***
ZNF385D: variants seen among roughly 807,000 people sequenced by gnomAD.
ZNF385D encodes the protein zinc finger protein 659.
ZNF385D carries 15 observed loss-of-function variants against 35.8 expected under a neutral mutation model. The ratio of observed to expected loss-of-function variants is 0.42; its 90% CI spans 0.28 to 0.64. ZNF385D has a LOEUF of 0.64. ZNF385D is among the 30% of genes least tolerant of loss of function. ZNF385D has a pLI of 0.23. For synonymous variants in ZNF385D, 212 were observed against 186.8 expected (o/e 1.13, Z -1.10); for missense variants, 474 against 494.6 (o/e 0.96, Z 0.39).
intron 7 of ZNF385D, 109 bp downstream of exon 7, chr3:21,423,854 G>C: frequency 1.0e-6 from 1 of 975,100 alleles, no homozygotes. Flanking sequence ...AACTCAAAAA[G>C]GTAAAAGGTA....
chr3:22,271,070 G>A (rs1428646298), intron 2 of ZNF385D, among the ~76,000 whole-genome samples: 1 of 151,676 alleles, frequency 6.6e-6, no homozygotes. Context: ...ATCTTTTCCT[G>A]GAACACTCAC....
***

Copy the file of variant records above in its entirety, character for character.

ZNF385D: variants seen among roughly 807,000 people sequenced by gnomAD.
ZNF385D encodes the protein zinc finger protein 659.
ZNF385D carries 15 observed loss-of-function variants against 35.8 expected under a neutral mutation model. The ratio of observed to expected loss-of-function variants is 0.42; its 90% CI spans 0.28 to 0.64. ZNF385D has a LOEUF of 0.64. ZNF385D is among the 30% of genes least tolerant of loss of function. ZNF385D has a pLI of 0.23. For synonymous variants in ZNF385D, 212 were observed against 186.8 expected (o/e 1.13, Z -1.10); for missense variants, 474 against 494.6 (o/e 0.96, Z 0.39).
intron 7 of ZNF385D, 109 bp downstream of exon 7, chr3:21,423,854 G>C: frequency 1.0e-6 from 1 of 975,100 alleles, no homozygotes. Flanking sequence ...AACTCAAAAA[G>C]GTAAAAGGTA....
chr3:22,271,070 G>A (rs1428646298), intron 2 of ZNF385D, among the ~76,000 whole-genome samples: 1 of 151,676 alleles, frequency 6.6e-6, no homozygotes. Context: ...ATCTTTTCCT[G>A]GAACACTCAC....